Researchers behind one of two Russian candidate vaccines against the coronavirus undergoing the approval process in that country say they plan to launch production in November, raising further questions about official Russian pledges to have a vaccination campaign well under way before then.
The director-general of the Vektor State Research Center of Virology and Biotechnology, Rinat Maksyutov, predicted on August 2 that his institution would start manufacturing a vaccine in November.
"We expect to start production already in November this year," Maksyutov told Rossiya-1 TV's Vesti program, according to TASS. "So closer to the end of this year and the start of next year we can talk about switching to vaccination at least for [people] from risk groups with a further switch to massive vaccination."
Russian officials have consistently touted an aggressive schedule for a vaccine against the pathogen that has infected at least 849,000 and killed more than 14,000 people in Russia, the fourth- and 11th-worst figures in the world, respectively.
Many outside experts have expressed skepticism at some of the Russian claims, and few specifics have emerged amid widespread accusations that Moscow has lied about many aspects of the outbreak and officials' handling of it.
President Vladimir Putin and many other officials have appeared especially keen to portray any progress as a testament to Russia's place as a major global player in the fields of science and medicine.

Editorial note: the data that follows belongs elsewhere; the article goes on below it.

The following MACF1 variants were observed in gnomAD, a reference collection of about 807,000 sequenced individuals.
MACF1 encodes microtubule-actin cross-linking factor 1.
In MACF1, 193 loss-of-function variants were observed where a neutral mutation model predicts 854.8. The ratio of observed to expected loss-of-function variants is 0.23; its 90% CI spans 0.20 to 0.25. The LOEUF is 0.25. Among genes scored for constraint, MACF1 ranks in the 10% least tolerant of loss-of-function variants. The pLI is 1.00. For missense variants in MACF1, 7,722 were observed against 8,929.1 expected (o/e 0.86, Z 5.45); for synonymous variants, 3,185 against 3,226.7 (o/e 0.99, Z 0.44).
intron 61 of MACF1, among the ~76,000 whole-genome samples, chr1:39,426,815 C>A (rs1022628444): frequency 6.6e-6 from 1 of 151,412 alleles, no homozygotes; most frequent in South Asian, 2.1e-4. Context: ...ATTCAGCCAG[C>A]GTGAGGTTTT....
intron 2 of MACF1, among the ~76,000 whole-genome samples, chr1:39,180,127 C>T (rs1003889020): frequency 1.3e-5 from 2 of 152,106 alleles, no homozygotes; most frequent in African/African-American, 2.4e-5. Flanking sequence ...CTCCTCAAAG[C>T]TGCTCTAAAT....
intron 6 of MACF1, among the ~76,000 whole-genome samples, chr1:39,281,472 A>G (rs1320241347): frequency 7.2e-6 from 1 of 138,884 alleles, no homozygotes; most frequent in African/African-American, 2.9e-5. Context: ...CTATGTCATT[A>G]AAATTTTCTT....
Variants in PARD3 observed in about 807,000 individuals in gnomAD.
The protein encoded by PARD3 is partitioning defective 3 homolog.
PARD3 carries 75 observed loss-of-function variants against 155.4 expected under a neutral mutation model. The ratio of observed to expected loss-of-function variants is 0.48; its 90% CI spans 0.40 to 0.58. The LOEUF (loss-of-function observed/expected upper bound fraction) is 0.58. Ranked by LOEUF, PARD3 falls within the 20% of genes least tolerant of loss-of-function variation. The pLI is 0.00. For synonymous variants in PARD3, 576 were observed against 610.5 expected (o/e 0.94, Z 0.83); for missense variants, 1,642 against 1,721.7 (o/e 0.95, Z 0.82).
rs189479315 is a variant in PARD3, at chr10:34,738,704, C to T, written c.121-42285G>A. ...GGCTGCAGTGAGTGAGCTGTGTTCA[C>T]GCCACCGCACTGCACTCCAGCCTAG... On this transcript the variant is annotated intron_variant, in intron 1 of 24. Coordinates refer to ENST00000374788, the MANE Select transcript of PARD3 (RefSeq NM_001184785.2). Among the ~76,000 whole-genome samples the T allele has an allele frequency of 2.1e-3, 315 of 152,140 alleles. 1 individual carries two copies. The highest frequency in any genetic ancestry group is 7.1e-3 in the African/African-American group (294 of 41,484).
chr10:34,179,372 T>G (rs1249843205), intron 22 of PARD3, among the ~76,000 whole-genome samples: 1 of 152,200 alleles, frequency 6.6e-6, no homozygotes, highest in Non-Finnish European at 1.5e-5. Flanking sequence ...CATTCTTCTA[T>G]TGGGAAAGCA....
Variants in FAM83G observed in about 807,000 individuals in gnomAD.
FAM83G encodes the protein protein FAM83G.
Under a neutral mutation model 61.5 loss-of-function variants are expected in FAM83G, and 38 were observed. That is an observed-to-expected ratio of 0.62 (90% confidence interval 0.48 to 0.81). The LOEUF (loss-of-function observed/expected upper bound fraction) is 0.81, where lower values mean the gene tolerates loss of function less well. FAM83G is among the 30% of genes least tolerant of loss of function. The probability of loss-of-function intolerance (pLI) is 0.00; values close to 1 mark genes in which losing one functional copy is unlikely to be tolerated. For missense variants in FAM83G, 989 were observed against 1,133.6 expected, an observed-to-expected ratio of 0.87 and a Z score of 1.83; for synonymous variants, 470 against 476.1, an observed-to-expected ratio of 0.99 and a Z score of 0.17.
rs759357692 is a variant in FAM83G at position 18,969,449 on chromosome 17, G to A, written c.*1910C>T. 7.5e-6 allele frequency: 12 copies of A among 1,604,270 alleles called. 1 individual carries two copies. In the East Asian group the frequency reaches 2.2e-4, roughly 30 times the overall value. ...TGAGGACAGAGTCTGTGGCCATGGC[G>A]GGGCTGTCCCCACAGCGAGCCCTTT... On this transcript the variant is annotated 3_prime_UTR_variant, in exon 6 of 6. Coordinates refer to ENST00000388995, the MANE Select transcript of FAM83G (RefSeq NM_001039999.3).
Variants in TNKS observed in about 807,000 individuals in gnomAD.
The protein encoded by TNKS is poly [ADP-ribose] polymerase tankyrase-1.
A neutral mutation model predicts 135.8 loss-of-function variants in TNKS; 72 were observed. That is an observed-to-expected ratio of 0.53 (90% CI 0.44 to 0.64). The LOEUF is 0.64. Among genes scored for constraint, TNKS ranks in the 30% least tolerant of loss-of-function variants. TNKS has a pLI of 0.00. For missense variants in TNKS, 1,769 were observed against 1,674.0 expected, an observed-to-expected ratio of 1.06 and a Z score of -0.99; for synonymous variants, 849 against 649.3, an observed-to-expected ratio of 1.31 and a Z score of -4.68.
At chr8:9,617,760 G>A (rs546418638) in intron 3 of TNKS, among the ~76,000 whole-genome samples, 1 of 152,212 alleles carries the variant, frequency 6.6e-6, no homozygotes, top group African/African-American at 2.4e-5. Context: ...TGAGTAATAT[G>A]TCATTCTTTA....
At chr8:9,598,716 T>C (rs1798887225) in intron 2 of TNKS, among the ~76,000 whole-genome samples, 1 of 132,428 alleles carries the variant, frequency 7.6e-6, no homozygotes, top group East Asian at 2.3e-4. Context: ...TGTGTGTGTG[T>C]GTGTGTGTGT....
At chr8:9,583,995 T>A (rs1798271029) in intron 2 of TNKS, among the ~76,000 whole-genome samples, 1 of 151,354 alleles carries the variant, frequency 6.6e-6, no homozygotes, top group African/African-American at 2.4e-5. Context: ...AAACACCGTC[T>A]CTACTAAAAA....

Health Minister Mikhail Murashko further surprised many when he vowed on August 1 that Russia would implement “extensive vaccination” in October.
Speaking to journalists in Nizhny Novgorod, Murashko added that teachers and medical workers would be given priority for the vaccination program.
Murashko did not provide any other details about the vaccine or the vaccination program.
Earlier in the week, Reuters reported that an unnamed source had said Russia’s first COVID-19 vaccine candidate should secure government approval in August.
Russia reportedly has two candidate vaccines being considered for approval: Vektor's and another developed by the Moscow-based Gamaleya Institute in cooperation with the Defense Ministry.
Few confirmable details have been released on either effort.
Well over 100 major candidate vaccine efforts are continuing around the world in an unprecedented dedication of scientific and medical resources to finding safe and effective vaccines and treatments against the deadly coronavirus that emerged in central China late last year to kill at least 685,000 people, throw billions of people into lockdowns to prevent its spread, and ravage economies around the world.
Many of the most optimistic researchers around the world have suggested the development of a vaccine against the SARS-CoV-2 virus at the heart of the six-month pandemic that has infected at least 17.8 million people around the world will take until the end of the year at least -- still a remarkable pace compared to the years or decades that most vaccines take.
The head of Russia's sovereign wealth fund that is financing vaccine research, Kiril Dmitriyev, has called it "a Sputnik moment," in reference to the successful launch by the Soviet Union in 1957 of the world's first satellite.
"Americans were surprised when they heard Sputnik's beeping," Dmitriyev told CNN. "It's the same with this vaccine. Russia will have got there first."
In testimony before the U.S. Congress on July 31, Anthony Fauci, the United States' top infectious-diseases official, expressed concern about reported COVID-19 vaccines being developed in Russia and China.
“I do hope that the Chinese and the Russians are actually testing the vaccine before they are administering the vaccine to anyone,” Fauci said.